Capturing the Devil (Stalking Jack the Ripper #4) by Kerri Maniscalco
One last adventure with Thomas Cresswell… and thankfully I didn’t hate it quite as much as many of my friends did.
About the Book
Publisher: James Patterson Presents | Release Date: September 10, 2019 | Pages: 453
Genre: YA, Mystery | Format: Hardcover & Audiobook | Source: Purchased
Audrey Rose Wadsworth and Thomas Cresswell have landed in America, a bold, brash land unlike the genteel streets of London they knew. But like London, the city of Chicago hides its dark secrets well. When the two attend the spectacular World’s Fair, they find the once-in-a-lifetime event tainted with reports of missing people and unsolved murders.
Determined to help, Audrey Rose and Thomas begin their investigations, only to find themselves facing a serial killer unlike any they’ve heard of before. Identifying him is one thing, but capturing him—and getting dangerously lost in the infamous Murder Hotel he constructed as a terrifying torture device—is another.
Will Audrey Rose and Thomas see their last mystery to the end—together and in love—or will their fortunes finally run out when their most depraved adversary makes one final, devastating kill?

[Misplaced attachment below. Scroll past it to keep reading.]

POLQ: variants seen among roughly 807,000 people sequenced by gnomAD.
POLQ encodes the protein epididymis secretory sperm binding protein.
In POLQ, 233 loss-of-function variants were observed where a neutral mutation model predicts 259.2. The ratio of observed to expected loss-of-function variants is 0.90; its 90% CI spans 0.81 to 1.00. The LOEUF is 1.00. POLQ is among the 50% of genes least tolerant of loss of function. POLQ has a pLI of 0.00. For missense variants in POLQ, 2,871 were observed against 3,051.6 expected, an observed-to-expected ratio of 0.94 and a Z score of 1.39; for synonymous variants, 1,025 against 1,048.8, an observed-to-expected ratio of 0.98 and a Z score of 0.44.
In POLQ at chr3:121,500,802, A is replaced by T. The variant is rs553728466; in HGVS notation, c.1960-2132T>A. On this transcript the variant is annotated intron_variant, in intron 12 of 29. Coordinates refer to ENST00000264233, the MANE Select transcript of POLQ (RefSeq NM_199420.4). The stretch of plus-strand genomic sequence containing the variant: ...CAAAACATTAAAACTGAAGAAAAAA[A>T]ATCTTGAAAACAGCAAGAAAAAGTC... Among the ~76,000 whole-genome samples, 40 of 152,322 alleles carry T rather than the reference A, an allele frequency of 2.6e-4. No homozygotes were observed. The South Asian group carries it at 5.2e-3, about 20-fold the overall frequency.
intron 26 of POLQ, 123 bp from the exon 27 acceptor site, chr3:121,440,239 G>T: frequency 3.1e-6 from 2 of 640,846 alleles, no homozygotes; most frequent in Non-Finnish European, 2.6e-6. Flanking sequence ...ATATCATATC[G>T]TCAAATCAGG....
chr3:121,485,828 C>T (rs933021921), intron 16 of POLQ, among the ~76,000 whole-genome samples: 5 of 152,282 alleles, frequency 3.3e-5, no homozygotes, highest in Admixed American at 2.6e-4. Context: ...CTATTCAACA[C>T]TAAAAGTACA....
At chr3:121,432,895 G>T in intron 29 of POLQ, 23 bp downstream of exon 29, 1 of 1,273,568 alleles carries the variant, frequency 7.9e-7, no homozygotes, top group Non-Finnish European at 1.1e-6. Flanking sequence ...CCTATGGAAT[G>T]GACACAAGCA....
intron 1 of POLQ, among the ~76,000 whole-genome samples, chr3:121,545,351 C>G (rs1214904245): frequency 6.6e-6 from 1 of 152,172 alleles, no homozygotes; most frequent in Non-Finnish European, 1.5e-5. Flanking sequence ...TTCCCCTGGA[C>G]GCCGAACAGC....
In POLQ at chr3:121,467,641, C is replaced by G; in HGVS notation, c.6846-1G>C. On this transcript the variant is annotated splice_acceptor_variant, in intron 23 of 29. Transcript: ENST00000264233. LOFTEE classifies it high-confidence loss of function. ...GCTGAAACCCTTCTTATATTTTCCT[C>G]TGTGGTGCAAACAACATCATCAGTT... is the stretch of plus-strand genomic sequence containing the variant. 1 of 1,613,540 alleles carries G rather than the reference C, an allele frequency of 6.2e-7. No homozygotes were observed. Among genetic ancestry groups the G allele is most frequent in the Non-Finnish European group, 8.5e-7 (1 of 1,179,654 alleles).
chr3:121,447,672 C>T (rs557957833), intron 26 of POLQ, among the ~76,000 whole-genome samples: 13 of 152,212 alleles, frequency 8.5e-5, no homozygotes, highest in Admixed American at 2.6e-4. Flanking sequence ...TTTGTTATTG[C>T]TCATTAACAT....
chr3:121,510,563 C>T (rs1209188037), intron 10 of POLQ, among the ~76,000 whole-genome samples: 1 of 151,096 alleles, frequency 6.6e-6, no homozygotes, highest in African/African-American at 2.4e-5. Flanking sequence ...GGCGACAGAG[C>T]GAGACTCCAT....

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Despite my deep dislike for Escaping from Houdini, which seems to grow stronger each day, I was really hopeful and excited to see how this series would end. While I am not as disappointed in Capturing the Devil as I expected to be (I think lowering my expectations may have saved me here), I am left feeling rather conflicted about my thoughts overall. There are things I loved about this book, but also things I didn’t.
Sir Isaac Mewton. Need I say more?
I absolutely adore the relationship between Eliza and Audrey Rose. Their banter and friendship give me life. Throughout the series, Audrey Rose has slowly been building her found family and it is nice to see her coming into her own, finding her own place at the fringes of society. She can wear pretty dresses and host extravagant birthday parties, but she also fights to give a voice to the victims of murder in a time when the profession is frowned upon by polite society. It was refreshing to see her confidence grow and be taken seriously in America.
While you can’t really call the romance between Audrey Rose and Thomas slow-burn, the book finally gets a little steamy (but tasteful and no on-page sex described). The care Maniscalco gives to their blossoming relationship, which has always toed the lines of what was acceptable for the times, over the course of the series is exciting. I also appreciated that consent is featured and normalized.
“We humans could not help loving our monsters.”
Creepy investigations are back, my friends! The whole murder mystery aboard the RMS Ertruria wasn’t as engaging, which bums me out because the macabre investigating duo is precisely what draws me to this series. I don’t tend to read the synopsis before reading a book, so the investigations in America leading to the Murder Hotel in Chicago was a delightful surprise for me.